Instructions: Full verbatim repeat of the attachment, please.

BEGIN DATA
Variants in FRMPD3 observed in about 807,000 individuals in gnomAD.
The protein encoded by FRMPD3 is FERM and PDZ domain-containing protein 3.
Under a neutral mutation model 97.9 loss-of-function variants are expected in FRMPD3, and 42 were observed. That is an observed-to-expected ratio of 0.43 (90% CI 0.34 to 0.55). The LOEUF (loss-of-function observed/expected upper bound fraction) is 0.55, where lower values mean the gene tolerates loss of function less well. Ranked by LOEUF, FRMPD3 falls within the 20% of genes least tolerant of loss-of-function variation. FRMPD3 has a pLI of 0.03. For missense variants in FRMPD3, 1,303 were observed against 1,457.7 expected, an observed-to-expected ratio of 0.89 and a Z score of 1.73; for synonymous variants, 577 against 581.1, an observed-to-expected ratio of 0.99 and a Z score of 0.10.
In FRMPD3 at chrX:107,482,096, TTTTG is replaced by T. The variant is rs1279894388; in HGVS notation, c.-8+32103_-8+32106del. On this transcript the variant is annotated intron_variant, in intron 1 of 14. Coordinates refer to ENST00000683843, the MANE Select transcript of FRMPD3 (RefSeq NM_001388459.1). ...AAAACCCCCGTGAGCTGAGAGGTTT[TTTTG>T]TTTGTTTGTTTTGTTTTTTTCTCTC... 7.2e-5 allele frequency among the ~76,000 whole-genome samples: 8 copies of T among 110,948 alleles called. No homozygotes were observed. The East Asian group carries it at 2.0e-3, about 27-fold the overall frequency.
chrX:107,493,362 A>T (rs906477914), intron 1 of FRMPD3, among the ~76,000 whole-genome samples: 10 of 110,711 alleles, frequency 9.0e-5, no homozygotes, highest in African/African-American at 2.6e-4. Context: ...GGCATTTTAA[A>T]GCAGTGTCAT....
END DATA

Variants in FRMPD3 observed in about 807,000 individuals in gnomAD.
The protein encoded by FRMPD3 is FERM and PDZ domain-containing protein 3.
Under a neutral mutation model 97.9 loss-of-function variants are expected in FRMPD3, and 42 were observed. That is an observed-to-expected ratio of 0.43 (90% CI 0.34 to 0.55). The LOEUF (loss-of-function observed/expected upper bound fraction) is 0.55, where lower values mean the gene tolerates loss of function less well. Ranked by LOEUF, FRMPD3 falls within the 20% of genes least tolerant of loss-of-function variation. FRMPD3 has a pLI of 0.03. For missense variants in FRMPD3, 1,303 were observed against 1,457.7 expected, an observed-to-expected ratio of 0.89 and a Z score of 1.73; for synonymous variants, 577 against 581.1, an observed-to-expected ratio of 0.99 and a Z score of 0.10.
In FRMPD3 at chrX:107,482,096, TTTTG is replaced by T. The variant is rs1279894388; in HGVS notation, c.-8+32103_-8+32106del. On this transcript the variant is annotated intron_variant, in intron 1 of 14. Coordinates refer to ENST00000683843, the MANE Select transcript of FRMPD3 (RefSeq NM_001388459.1). ...AAAACCCCCGTGAGCTGAGAGGTTT[TTTTG>T]TTTGTTTGTTTTGTTTTTTTCTCTC... 7.2e-5 allele frequency among the ~76,000 whole-genome samples: 8 copies of T among 110,948 alleles called. No homozygotes were observed. The East Asian group carries it at 2.0e-3, about 27-fold the overall frequency.
chrX:107,493,362 A>T (rs906477914), intron 1 of FRMPD3, among the ~76,000 whole-genome samples: 10 of 110,711 alleles, frequency 9.0e-5, no homozygotes, highest in African/African-American at 2.6e-4. Context: ...GGCATTTTAA[A>T]GCAGTGTCAT....